TITLE

Experiencing the Meaning of Journalism

AUTHOR(S)
Henson, Maria
PUB. DATE
December 2004
SOURCE
Nieman Reports;Winter2004, Vol. 58 Issue 4, p58
SOURCE TYPE
Periodical
DOC. TYPE
Article
ABSTRACT
This article discusses matters related to journalism during the age of punditry and attitude in the U.S. Journalism can survive in this age of punditry and attitude. Its roots lie in unruly partisan newspapering, from the nasty jousting of the Republican versus Federalist press in the country's earliest days. Surely, the anarchic, chaotic fireworks of talk show shouting, Internet blogging, and 24/7 news are the modern-day version of rowdy pamphleteering. It is worrying if citizens are looking only for news that affirms their point of view and do not live in places where there is an exchange of ideas, democracy is weakened and people get angrier about politics and institutions. Compromise becomes a sign of defeat. The individual is extreme and supreme, and the common good seems passe. The work of a journalists is based on a particular view of citizens: that they care about their rights, the conduct of their government, their role in governing--hat they care about the country as a whole. No matter the period in history, journalism in a democratic society has to offer information that is accurate, rich in context and history, balanced and able to withstand peer review. The top-down method of deciding and delivering news is distasteful to many, but it is also true that in a world where information bombards a journalist can be a useful guide in making sense of this world, exposing abuses and injustices that might rile a citizen to act.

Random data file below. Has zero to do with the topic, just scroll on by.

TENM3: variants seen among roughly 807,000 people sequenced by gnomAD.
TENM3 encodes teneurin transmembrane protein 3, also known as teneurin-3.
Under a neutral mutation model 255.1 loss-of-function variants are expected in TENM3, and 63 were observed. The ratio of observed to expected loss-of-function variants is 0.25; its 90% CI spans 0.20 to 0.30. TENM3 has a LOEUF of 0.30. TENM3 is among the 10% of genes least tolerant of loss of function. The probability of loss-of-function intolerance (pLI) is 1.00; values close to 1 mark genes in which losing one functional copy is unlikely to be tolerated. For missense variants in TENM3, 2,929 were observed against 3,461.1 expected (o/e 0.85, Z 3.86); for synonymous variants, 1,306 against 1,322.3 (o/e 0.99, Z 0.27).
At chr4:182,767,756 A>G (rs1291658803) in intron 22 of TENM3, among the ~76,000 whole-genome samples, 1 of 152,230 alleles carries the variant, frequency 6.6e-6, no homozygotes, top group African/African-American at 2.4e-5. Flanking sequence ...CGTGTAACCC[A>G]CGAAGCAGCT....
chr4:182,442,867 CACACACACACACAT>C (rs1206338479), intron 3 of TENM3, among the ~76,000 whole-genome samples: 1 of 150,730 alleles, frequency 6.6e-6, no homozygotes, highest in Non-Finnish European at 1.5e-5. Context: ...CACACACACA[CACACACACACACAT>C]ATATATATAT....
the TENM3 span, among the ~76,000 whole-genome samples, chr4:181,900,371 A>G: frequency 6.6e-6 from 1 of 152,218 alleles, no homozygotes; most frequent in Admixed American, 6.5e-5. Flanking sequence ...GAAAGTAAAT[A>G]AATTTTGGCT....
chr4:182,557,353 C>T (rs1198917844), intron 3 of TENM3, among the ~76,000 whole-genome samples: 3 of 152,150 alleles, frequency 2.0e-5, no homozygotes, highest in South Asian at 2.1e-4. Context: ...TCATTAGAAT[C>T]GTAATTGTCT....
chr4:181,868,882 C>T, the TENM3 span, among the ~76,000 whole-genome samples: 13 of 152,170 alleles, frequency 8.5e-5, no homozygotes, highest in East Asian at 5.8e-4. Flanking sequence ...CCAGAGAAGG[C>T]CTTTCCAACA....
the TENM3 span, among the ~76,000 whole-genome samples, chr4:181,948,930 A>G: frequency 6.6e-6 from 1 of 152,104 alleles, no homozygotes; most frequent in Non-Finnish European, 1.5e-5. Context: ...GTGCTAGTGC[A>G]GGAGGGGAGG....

ACCESSION #
15509041

 

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